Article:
In the past decade, global energy consumption has increased tenfold increasing the worldwide demand for renewablealternatives to solve a range of energy consumption challenges - from energy storage,energy conversion and photovoltaics (solar harnessing devices).
Energy engineering is a multidisciplinary field contributing to the improvement of sustainable energytechnology and processes to address these challenges, as well as workingtowards meeting net zero targets by 2050, both domestic and commercial.
The London Centre for Energy Engineering (LCEE) at London South Bank University (LSBU) is a pioneer in the solar field, carrying out and connecting innovative energy engineering research across LSBU’s existing divisions, centres and facilities.
This collaboration brings together 13 academic staff, 11 post-doctoral research assistants (PDRA) and 31 PhD students across LSBU’s School of Engineering (SoE).
Energy engineering principles
LCEE has explored a range of specialisms, including material design, which make use of modern computational chemical and physical methods to understand materials at an atomic level.
For example, it is possible to predict the electronic and optical properties of an active layer in a device by analysing its molecular structure, physical properties, and chemical behaviour. These results have informed their collaborators and has led to:
- Investigations of novel computational methods for next generation exascale computing
- Developments in sustainable computation and synthetic techniques
- Photocatalysts, functional thin film coatings, energy harvesting, and storage devices carried out by the modelling team’s close work with experimentalists
- Microelectronics, which uses an in-house supercomputer and the national high performance computing resources
These successful developments within material design are crucial to improving next-generation energy devices, one of four LCEE key specialisms across energy storage and conversion.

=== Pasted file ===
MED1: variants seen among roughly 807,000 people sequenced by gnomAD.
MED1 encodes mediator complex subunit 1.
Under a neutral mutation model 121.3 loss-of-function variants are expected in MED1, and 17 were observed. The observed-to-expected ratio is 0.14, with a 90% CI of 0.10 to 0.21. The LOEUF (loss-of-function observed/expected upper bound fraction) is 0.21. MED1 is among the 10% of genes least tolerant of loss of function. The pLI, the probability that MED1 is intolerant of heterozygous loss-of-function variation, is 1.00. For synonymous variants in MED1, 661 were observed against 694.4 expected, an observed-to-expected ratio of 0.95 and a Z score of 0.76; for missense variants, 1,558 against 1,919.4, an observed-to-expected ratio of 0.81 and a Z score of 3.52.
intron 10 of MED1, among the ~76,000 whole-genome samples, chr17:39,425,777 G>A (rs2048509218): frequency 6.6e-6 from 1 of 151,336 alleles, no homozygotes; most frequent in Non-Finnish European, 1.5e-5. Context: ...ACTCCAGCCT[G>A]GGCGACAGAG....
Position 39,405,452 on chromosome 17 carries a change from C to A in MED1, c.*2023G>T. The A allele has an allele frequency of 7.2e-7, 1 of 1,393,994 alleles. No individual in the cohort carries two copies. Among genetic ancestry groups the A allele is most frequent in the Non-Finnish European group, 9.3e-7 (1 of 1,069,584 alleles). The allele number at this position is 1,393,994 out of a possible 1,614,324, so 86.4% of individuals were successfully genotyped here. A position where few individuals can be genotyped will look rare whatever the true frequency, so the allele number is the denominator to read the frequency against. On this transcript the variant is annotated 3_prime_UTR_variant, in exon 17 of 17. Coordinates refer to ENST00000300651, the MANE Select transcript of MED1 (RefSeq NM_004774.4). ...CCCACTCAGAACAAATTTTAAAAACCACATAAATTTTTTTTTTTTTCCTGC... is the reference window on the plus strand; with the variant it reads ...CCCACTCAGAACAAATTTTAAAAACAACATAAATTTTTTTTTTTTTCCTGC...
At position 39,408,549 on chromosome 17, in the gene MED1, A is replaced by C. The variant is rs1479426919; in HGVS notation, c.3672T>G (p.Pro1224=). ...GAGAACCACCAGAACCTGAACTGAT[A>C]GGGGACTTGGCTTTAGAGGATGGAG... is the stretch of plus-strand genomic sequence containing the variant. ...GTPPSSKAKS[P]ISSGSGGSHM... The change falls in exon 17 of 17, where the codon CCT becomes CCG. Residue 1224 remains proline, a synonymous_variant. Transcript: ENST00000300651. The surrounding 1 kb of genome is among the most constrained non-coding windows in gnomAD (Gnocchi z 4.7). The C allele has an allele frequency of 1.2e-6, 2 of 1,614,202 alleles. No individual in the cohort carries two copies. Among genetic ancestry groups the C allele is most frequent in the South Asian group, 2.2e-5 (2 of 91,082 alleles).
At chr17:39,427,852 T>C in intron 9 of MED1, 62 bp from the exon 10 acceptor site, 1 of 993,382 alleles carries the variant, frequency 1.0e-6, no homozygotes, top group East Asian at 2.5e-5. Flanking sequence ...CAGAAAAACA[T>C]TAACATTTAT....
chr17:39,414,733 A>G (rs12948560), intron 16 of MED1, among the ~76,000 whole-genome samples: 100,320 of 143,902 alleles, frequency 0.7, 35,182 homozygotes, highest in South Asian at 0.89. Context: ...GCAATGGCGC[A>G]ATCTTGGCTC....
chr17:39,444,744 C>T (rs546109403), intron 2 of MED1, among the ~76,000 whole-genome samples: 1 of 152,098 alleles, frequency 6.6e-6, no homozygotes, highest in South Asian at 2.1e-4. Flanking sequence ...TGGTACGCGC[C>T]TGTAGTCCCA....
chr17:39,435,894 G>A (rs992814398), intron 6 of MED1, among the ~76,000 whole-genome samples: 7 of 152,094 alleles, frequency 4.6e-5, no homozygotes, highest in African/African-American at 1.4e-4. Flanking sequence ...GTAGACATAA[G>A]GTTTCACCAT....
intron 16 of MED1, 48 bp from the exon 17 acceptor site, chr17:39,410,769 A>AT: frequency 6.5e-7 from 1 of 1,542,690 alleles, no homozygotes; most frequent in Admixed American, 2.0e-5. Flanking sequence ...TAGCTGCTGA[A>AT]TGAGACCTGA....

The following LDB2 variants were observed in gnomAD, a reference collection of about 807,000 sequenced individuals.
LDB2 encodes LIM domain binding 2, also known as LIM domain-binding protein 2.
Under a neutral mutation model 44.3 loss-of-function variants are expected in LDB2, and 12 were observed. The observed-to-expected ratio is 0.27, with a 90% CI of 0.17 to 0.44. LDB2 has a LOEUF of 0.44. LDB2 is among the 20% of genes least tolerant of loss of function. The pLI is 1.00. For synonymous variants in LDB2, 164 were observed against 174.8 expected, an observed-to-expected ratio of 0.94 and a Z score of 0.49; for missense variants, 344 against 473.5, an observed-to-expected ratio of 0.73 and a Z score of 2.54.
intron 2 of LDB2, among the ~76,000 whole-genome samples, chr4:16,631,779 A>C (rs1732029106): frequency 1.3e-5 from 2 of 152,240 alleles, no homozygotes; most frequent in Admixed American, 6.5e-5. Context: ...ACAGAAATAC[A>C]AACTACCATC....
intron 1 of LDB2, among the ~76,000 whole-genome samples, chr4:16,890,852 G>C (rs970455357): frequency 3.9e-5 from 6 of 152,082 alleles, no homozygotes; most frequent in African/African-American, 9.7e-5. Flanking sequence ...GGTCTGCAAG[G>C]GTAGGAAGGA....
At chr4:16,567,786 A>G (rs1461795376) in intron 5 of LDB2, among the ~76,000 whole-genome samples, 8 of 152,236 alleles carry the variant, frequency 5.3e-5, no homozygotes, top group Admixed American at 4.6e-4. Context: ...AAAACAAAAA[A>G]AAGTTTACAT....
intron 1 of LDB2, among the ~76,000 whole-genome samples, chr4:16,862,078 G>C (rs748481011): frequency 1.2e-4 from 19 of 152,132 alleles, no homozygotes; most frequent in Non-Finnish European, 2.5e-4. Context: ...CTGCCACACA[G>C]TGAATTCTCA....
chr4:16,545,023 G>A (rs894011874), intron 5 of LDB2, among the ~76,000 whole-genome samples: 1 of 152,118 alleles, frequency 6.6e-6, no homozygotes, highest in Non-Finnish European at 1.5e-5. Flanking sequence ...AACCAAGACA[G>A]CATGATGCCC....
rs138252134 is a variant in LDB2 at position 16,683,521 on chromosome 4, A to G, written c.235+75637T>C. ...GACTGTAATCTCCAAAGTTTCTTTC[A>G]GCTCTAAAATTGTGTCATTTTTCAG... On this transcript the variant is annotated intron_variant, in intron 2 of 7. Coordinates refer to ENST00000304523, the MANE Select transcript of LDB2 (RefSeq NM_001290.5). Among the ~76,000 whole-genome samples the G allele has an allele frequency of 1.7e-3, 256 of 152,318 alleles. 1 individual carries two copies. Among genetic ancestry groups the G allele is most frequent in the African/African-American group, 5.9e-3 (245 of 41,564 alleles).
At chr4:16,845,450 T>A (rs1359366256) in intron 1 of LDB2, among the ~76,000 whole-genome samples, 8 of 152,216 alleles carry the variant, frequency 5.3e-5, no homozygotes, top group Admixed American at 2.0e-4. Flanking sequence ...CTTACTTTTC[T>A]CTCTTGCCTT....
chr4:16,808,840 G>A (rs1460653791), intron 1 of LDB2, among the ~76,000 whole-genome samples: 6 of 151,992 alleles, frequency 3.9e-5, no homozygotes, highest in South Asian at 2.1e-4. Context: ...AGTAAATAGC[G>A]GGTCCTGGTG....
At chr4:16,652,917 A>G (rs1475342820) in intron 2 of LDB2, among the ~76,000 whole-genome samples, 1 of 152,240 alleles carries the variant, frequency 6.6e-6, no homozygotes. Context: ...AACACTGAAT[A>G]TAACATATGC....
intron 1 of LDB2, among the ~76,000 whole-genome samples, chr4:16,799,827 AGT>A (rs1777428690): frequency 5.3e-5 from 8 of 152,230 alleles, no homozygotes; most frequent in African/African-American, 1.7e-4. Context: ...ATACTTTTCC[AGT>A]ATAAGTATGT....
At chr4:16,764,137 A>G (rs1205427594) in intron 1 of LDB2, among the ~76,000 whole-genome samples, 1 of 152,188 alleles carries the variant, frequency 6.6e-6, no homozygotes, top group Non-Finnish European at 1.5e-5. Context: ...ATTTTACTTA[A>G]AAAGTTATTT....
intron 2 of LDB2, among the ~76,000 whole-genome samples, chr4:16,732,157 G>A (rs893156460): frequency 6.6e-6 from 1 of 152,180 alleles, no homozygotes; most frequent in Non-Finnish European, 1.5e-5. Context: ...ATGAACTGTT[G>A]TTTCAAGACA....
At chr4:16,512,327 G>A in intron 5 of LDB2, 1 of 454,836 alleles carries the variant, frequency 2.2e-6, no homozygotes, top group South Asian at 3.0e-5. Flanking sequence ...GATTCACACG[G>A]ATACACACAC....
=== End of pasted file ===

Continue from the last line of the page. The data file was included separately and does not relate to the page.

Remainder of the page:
LCEE has carried out extensive work in both Energy Storage – through Cryogenic and Electrochemical Energy applications – and Energy conversion, with applications in Photovoltaics and Renewable Fuel Production and Heating and Cooling.
- Cryogenic Energy Storage (CES), which balances the supply and demand in power generation by using low-temperature liquids as an energy storage and transfer conduit, this means energy can be stored during low periods of demand ready for use when demand is high
- Electrochemical Energy Storage (EES), to develop innovative electrochemical devices such as lithium or sodium-ion batteries, fuel cells and supercapacitors
- Photovoltaic (PV), cells which convert light, natural and artificial, into electrical energy through the photovoltaic process enabled by semiconductors
- Renewable Fuel Production via photocatalysis, a chemical process that harnesses freely available clean solar energy, to split water or reduce carbon dioxide into more valuable compounds
These processes have positioned LCEE as experts in this field and produced successful applications for academia, SMEs, and individuals such as:
- Development of solar cells and LEDs using perovskite, organic and inorganic-based materials